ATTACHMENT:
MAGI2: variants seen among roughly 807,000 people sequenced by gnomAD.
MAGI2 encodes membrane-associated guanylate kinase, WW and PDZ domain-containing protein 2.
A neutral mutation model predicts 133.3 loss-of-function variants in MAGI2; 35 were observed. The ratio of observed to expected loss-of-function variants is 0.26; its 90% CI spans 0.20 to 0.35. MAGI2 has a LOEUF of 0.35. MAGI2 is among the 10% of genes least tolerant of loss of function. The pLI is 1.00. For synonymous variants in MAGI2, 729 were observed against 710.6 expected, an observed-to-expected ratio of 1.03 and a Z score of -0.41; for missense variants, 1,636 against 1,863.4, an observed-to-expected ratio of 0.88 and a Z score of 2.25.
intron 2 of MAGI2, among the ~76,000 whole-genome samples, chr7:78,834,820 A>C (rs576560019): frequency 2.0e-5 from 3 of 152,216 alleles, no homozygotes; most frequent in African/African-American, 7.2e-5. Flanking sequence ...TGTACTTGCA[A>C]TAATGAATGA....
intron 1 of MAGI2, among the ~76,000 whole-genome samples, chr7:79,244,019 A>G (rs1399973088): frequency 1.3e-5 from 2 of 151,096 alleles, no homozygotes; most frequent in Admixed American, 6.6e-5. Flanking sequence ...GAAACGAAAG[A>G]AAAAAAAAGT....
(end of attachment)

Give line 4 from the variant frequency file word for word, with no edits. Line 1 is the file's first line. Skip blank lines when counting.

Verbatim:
intron 2 of MAGI2, among the ~76,000 whole-genome samples, chr7:78,834,820 A>C (rs576560019): frequency 2.0e-5 from 3 of 152,216 alleles, no homozygotes; most frequent in African/African-American, 7.2e-5. Flanking sequence ...TGTACTTGCA[A>C]TAATGAATGA....